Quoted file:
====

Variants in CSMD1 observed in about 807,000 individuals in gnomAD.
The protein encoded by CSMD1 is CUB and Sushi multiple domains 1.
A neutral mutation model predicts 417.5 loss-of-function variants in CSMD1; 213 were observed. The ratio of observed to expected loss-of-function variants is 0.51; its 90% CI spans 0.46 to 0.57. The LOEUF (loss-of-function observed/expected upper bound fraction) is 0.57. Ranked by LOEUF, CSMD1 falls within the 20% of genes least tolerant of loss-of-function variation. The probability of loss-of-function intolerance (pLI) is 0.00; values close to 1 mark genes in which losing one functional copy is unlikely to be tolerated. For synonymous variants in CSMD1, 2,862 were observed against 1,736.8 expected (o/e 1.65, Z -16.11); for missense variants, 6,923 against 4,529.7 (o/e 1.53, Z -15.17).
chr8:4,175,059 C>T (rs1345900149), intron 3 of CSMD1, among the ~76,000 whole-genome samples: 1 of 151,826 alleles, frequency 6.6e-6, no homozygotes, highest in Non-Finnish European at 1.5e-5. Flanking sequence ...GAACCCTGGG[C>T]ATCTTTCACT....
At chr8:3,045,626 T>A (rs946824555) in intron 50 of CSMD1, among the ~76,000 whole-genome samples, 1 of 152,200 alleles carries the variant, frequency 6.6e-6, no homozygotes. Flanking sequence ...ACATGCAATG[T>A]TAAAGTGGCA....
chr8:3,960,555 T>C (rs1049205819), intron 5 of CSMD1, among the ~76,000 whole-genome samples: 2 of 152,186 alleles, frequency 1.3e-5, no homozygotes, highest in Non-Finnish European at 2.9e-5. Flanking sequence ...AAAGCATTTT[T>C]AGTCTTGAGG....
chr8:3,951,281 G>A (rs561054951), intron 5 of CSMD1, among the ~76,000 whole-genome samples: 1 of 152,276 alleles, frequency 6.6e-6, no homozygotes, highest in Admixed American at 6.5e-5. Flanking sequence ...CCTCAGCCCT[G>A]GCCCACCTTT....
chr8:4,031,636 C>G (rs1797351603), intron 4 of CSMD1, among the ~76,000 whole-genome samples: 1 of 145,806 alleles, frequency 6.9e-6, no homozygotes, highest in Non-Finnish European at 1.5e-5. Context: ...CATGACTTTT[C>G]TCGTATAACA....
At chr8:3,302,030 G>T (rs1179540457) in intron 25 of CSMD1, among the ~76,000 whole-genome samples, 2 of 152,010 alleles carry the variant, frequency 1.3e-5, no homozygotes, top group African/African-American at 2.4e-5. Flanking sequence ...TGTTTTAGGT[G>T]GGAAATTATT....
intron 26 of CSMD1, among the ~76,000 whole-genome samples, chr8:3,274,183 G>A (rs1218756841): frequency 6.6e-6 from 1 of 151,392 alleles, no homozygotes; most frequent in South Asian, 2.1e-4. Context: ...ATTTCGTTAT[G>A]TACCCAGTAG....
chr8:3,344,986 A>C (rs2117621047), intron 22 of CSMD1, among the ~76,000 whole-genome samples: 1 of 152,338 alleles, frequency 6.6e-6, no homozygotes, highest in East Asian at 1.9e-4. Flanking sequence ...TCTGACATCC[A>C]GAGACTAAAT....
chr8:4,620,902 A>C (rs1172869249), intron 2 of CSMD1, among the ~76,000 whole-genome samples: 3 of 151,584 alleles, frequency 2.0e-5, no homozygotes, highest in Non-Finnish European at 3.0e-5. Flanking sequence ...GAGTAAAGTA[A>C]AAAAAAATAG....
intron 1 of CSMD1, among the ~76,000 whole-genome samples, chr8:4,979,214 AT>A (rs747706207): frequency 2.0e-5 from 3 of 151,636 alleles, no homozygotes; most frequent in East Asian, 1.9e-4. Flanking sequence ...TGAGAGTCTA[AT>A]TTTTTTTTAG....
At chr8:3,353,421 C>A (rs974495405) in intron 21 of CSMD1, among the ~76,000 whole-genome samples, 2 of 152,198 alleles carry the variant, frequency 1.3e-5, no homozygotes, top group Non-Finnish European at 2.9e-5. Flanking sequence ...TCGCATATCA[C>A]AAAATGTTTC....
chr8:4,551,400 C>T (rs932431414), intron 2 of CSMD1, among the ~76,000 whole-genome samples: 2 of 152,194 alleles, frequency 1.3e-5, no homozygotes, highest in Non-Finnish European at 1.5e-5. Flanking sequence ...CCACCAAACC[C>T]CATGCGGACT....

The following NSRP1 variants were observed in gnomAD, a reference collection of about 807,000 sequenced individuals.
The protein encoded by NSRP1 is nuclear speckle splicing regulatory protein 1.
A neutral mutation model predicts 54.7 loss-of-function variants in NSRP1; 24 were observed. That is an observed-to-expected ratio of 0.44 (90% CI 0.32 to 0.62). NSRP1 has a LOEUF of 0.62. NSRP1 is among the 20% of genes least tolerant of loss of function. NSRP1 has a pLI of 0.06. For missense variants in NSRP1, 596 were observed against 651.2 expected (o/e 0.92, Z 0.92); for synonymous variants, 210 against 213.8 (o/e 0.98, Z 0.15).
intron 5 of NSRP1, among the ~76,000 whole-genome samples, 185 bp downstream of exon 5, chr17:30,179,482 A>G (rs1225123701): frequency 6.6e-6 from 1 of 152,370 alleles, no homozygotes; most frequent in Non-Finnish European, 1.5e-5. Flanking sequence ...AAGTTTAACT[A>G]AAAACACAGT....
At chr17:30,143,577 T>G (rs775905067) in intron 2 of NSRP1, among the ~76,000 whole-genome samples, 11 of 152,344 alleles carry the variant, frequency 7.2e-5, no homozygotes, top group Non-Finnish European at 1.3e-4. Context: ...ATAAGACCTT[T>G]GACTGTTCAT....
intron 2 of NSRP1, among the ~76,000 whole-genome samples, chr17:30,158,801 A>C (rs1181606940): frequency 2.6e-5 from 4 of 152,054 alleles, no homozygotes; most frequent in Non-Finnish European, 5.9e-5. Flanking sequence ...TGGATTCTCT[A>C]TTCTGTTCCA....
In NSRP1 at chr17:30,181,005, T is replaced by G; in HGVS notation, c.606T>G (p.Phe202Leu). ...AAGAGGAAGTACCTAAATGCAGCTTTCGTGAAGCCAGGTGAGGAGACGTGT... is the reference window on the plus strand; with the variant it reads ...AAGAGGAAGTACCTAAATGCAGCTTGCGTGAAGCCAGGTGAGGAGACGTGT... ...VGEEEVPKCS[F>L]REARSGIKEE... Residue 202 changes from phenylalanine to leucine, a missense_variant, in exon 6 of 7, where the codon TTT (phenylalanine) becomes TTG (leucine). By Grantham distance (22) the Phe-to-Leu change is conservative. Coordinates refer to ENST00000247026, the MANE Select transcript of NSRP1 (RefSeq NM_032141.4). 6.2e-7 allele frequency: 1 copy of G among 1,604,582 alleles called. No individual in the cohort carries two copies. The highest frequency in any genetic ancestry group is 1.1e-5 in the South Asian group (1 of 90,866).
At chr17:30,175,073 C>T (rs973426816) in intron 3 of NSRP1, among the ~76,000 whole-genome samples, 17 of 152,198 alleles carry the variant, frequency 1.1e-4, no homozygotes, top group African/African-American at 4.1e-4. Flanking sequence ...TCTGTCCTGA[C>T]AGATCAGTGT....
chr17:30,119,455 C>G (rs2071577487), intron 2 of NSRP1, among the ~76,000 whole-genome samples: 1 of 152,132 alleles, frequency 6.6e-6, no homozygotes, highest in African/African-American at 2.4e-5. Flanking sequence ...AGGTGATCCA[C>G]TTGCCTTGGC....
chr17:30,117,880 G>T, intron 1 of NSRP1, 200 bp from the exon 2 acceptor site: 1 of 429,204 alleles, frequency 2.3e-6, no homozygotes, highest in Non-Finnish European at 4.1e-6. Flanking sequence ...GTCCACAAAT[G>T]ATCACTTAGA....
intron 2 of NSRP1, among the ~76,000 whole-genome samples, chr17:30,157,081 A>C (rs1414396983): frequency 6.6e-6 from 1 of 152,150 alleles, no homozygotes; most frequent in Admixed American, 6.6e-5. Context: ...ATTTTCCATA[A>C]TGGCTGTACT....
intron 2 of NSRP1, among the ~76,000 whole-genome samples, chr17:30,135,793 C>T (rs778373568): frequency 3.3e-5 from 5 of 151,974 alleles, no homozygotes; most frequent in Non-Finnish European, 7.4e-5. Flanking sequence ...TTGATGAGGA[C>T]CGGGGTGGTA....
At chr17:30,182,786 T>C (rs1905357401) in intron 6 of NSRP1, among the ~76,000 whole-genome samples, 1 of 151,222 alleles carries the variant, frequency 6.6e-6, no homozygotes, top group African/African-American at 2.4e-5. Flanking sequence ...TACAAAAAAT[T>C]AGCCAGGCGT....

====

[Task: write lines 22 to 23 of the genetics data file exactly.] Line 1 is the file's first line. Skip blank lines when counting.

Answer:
In NSRP1 at chr17:30,181,005, T is replaced by G; in HGVS notation, c.606T>G (p.Phe202Leu). ...AAGAGGAAGTACCTAAATGCAGCTTTCGTGAAGCCAGGTGAGGAGACGTGT... is the reference window on the plus strand; with the variant it reads ...AAGAGGAAGTACCTAAATGCAGCTTGCGTGAAGCCAGGTGAGGAGACGTGT... ...VGEEEVPKCS[F>L]REARSGIKEE... Residue 202 changes from phenylalanine to leucine, a missense_variant, in exon 6 of 7, where the codon TTT (phenylalanine) becomes TTG (leucine). By Grantham distance (22) the Phe-to-Leu change is conservative. Coordinates refer to ENST00000247026, the MANE Select transcript of NSRP1 (RefSeq NM_032141.4). 6.2e-7 allele frequency: 1 copy of G among 1,604,582 alleles called. No individual in the cohort carries two copies. The highest frequency in any genetic ancestry group is 1.1e-5 in the South Asian group (1 of 90,866).
At chr17:30,175,073 C>T (rs973426816) in intron 3 of NSRP1, among the ~76,000 whole-genome samples, 17 of 152,198 alleles carry the variant, frequency 1.1e-4, no homozygotes, top group African/African-American at 4.1e-4. Flanking sequence ...TCTGTCCTGA[C>T]AGATCAGTGT....